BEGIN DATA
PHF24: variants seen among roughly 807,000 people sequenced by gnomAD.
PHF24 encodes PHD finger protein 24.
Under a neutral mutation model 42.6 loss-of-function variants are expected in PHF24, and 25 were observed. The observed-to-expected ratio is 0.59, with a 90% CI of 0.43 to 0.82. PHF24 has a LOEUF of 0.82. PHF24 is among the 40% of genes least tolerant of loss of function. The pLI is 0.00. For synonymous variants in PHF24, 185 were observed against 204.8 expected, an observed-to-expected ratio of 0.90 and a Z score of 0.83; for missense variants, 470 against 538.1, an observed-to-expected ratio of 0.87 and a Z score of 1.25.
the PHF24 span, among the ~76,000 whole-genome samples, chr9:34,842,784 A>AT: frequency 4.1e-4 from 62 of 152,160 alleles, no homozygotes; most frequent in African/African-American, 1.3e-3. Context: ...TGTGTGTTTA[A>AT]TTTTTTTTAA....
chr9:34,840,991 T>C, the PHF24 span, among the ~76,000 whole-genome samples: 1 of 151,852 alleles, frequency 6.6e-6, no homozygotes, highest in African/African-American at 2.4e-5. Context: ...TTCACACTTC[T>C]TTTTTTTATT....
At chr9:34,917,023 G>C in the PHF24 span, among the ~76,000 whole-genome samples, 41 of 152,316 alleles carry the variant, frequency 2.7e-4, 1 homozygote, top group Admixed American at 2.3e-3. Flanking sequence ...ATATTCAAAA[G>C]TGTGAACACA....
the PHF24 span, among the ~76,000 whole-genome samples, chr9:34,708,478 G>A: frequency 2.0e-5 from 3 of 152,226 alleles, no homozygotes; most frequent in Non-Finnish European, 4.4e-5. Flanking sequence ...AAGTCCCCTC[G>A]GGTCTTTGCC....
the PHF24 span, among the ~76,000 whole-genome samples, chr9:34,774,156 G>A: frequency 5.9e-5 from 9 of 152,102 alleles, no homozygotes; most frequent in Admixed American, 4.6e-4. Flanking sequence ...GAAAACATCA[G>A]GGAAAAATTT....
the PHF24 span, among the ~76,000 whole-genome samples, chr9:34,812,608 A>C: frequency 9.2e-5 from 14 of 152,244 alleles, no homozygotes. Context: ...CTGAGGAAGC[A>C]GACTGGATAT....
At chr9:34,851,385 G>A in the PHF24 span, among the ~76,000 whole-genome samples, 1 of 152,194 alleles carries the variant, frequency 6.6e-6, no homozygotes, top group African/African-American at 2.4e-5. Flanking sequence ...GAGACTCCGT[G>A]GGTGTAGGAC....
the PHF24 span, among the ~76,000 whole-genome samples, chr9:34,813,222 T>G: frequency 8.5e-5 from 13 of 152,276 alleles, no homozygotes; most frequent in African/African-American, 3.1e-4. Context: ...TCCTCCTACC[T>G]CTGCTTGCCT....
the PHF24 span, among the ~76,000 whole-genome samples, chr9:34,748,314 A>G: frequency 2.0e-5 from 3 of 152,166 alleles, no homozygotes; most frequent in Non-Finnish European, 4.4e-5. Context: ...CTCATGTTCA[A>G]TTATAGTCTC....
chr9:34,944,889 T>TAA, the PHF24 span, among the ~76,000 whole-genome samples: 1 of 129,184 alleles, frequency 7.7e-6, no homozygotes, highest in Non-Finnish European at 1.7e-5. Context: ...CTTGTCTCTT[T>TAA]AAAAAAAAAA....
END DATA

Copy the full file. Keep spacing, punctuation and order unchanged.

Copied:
PHF24: variants seen among roughly 807,000 people sequenced by gnomAD.
PHF24 encodes PHD finger protein 24.
Under a neutral mutation model 42.6 loss-of-function variants are expected in PHF24, and 25 were observed. The observed-to-expected ratio is 0.59, with a 90% CI of 0.43 to 0.82. PHF24 has a LOEUF of 0.82. PHF24 is among the 40% of genes least tolerant of loss of function. The pLI is 0.00. For synonymous variants in PHF24, 185 were observed against 204.8 expected, an observed-to-expected ratio of 0.90 and a Z score of 0.83; for missense variants, 470 against 538.1, an observed-to-expected ratio of 0.87 and a Z score of 1.25.
the PHF24 span, among the ~76,000 whole-genome samples, chr9:34,842,784 A>AT: frequency 4.1e-4 from 62 of 152,160 alleles, no homozygotes; most frequent in African/African-American, 1.3e-3. Context: ...TGTGTGTTTA[A>AT]TTTTTTTTAA....
chr9:34,840,991 T>C, the PHF24 span, among the ~76,000 whole-genome samples: 1 of 151,852 alleles, frequency 6.6e-6, no homozygotes, highest in African/African-American at 2.4e-5. Context: ...TTCACACTTC[T>C]TTTTTTTATT....
At chr9:34,917,023 G>C in the PHF24 span, among the ~76,000 whole-genome samples, 41 of 152,316 alleles carry the variant, frequency 2.7e-4, 1 homozygote, top group Admixed American at 2.3e-3. Flanking sequence ...ATATTCAAAA[G>C]TGTGAACACA....
the PHF24 span, among the ~76,000 whole-genome samples, chr9:34,708,478 G>A: frequency 2.0e-5 from 3 of 152,226 alleles, no homozygotes; most frequent in Non-Finnish European, 4.4e-5. Flanking sequence ...AAGTCCCCTC[G>A]GGTCTTTGCC....
the PHF24 span, among the ~76,000 whole-genome samples, chr9:34,774,156 G>A: frequency 5.9e-5 from 9 of 152,102 alleles, no homozygotes; most frequent in Admixed American, 4.6e-4. Flanking sequence ...GAAAACATCA[G>A]GGAAAAATTT....
the PHF24 span, among the ~76,000 whole-genome samples, chr9:34,812,608 A>C: frequency 9.2e-5 from 14 of 152,244 alleles, no homozygotes. Context: ...CTGAGGAAGC[A>C]GACTGGATAT....
At chr9:34,851,385 G>A in the PHF24 span, among the ~76,000 whole-genome samples, 1 of 152,194 alleles carries the variant, frequency 6.6e-6, no homozygotes, top group African/African-American at 2.4e-5. Flanking sequence ...GAGACTCCGT[G>A]GGTGTAGGAC....
the PHF24 span, among the ~76,000 whole-genome samples, chr9:34,813,222 T>G: frequency 8.5e-5 from 13 of 152,276 alleles, no homozygotes; most frequent in African/African-American, 3.1e-4. Context: ...TCCTCCTACC[T>G]CTGCTTGCCT....
the PHF24 span, among the ~76,000 whole-genome samples, chr9:34,748,314 A>G: frequency 2.0e-5 from 3 of 152,166 alleles, no homozygotes; most frequent in Non-Finnish European, 4.4e-5. Context: ...CTCATGTTCA[A>G]TTATAGTCTC....
chr9:34,944,889 T>TAA, the PHF24 span, among the ~76,000 whole-genome samples: 1 of 129,184 alleles, frequency 7.7e-6, no homozygotes, highest in Non-Finnish European at 1.7e-5. Context: ...CTTGTCTCTT[T>TAA]AAAAAAAAAA....